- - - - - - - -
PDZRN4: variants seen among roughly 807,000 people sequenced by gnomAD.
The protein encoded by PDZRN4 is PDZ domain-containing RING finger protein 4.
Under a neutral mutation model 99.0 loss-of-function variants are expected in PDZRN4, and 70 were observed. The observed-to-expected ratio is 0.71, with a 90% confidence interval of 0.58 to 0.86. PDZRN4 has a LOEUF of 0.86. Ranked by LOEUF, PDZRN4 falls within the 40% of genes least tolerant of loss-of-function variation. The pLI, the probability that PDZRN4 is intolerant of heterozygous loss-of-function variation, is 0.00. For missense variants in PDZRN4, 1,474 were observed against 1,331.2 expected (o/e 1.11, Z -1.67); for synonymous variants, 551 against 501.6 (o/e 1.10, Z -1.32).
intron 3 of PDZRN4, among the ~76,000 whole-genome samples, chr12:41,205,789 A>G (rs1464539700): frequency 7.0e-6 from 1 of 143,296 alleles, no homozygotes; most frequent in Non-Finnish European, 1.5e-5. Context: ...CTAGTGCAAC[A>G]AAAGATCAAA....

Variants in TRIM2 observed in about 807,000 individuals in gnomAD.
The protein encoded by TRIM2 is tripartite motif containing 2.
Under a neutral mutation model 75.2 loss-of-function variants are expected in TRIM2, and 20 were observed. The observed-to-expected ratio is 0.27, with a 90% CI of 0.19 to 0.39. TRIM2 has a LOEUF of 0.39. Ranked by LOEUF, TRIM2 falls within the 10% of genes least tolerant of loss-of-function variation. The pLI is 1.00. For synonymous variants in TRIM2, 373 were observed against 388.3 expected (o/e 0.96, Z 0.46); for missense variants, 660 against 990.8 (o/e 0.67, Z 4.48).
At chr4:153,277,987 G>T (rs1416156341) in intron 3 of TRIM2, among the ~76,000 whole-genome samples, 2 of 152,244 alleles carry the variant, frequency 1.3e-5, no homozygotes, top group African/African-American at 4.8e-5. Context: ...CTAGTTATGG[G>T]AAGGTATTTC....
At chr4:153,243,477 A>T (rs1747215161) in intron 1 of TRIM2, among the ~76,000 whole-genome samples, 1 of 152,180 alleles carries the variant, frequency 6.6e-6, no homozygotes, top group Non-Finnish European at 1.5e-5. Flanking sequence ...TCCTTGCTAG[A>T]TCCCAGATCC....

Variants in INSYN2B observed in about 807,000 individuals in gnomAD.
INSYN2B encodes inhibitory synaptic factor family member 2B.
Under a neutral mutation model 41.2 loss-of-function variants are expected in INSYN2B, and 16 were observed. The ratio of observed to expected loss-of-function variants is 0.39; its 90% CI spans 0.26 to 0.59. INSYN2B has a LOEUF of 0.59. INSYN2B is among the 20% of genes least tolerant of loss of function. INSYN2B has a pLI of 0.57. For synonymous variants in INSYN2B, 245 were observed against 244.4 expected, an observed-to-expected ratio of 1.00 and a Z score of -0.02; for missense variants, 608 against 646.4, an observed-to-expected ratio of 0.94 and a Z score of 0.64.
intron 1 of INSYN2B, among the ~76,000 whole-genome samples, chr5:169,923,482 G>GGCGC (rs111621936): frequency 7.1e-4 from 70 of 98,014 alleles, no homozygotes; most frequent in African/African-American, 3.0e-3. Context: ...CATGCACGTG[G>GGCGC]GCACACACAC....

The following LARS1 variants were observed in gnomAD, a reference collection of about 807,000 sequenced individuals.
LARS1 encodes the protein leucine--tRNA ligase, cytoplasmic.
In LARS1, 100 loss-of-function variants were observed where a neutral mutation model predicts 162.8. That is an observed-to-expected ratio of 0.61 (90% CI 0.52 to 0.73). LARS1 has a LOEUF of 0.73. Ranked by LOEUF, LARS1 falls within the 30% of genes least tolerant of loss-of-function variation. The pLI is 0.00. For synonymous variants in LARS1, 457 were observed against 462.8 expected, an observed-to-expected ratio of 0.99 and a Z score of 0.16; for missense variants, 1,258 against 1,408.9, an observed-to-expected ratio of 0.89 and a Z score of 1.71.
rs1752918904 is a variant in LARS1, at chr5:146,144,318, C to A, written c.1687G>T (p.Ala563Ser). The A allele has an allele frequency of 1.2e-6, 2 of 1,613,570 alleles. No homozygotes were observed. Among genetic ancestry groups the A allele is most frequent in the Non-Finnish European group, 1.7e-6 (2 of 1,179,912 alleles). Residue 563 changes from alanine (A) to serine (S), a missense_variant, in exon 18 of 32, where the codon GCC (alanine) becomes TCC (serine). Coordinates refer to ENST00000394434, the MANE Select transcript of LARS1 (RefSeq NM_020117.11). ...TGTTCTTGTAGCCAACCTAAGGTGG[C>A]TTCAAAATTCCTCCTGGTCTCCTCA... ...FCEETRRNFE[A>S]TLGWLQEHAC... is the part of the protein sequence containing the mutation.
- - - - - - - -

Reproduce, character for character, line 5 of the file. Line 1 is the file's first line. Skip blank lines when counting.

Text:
Variants in TRIM2 observed in about 807,000 individuals in gnomAD.